[2] Bick, E (1968). The Experience of the Skin in Early Object Relations, in Collected Papers of Martha Harris and Esther Bick, read aloud at the 25th International Psycho-Analytical Congress, 1967, Internat. j. Psycho-Anal., XLIX, p. 558-566 1968, Old Ballechin-Strathtay/Pertshire, Roland Harris Education Trust, Clunie Press, ed. 1987.
[3] De Mijolla, A. (2013). Dictionnaire international de la psychanalyse, Fayard, ‘Pluriel’, 2éme édition, p. 1253.
[4] Anzieu, D. (1974). Le Moi-peau, Nouvelle revue de psychanalyse 9 : 195-208.
[5] Belliard, S. (2012). La couleur dans la peau, ce que voit l'inconscientAlbin Michel.
[6] It is important to remember that the so-called ‘white’ skin is a skin color among others. It is, just like the color called ‘black’, not achromatic (we don’t assess here the issue of albinism). Belliard, Ibid.
[7] Le Cat, C-N. (1765). Traité de la couleur de la peau humaine en général, de celle des Nègres en particulier, et de la métamorphose d’une de ces couleurs en l’autre, soit de naissance, soit accidentellement, Amsterdam.  
[8] Bonniol, J-L. (1992). La couleur comme maléfice : une illustration créole de la généalogie des « Blancs » et des « Noirs », Paris : Albin Michel (coll. Bibliothèque de synthèse).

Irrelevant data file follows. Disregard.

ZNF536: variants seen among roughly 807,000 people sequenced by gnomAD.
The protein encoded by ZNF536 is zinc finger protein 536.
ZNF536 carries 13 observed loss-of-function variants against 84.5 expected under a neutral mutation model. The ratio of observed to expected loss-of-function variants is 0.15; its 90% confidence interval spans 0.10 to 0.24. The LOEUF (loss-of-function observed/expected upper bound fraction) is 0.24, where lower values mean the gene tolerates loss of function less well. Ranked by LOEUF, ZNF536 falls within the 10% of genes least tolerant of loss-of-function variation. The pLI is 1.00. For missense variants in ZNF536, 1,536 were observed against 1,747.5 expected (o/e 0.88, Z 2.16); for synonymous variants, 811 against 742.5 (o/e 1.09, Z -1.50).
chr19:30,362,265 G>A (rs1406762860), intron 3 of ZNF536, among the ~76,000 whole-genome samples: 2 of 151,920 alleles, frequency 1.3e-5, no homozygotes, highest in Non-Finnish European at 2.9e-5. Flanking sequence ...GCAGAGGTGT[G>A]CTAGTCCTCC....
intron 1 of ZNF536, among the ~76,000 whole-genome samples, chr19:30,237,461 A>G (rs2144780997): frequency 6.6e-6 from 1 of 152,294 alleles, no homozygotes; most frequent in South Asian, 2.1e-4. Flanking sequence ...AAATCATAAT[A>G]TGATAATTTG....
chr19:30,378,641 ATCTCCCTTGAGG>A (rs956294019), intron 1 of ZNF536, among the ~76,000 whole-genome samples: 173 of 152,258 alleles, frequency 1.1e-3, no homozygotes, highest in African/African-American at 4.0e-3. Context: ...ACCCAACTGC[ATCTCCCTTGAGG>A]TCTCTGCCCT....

[9] Gisler, A. (1965). L’esclavage aux Antilles françaises (XVIIe-XIXe siècle), Paris: Karthala, 1981. 
[10] Gisler, Ibid.
[11] Winnicott, D.W. (1971). PLaying and Reality. London: Tavistock Publications.
[12] Andre, J. (2011). Les 100 mots de la psychanalyse, Que sais-je, PUF.
[13] Fedida, P. (2007). Humain/Déshumain : l’oubli, l’effacement des traces, l’éradication subjective, la disparition, in Humain/déshumain : Pierre Fédida, la parole de l’œuvre / sous la dir. J. André, Paris: PUF, pp. 11-124 (coll. Petite bibliothèque de psychanalyse). 
[14] Belliard, Ibid.
[15] Morrison, T. (2019). The Source of Self-Regard: Selected Essays, Speeches, and Meditations, Knopf.
[16] Bonniol, Ibid.
[17] Toumson, R. & Henry-Valmore, S. (2002). Aimé Césaire : Le nègre inconsolé, Paris: Vents d’ailleurs. 
The following quote of the authors is from: ‘entrevistas con Aimé Césaire’ , revue Casa de las americas, n°49, 1968: ‘There is no predetermined negritude, there is no substance; there is a history and a living history’.
[18] Fanon, F. (1952). Black Skin, White Masks, Grove Press, 2008. 
[19] Houzel, D. (2018). La bisexualité psychique et sa fonction contenante, in Journal de la psychanalyse de l'enfantnouvelle série, 2018, 1, vol.8, 15-38.  See also on this subject Agostini, D., Des défenses maniaques, Adolescence, 2008, 63, pp. 221-236.
[20] This position helps to prevent moments of loss of the face (moments that are also the result of a cleavage of the psychic bisexuality of the containing function, but in this case in those who deny any equivalent value to the other person who is different because of their skin color).

Translator: Pierre-Noël Pascaud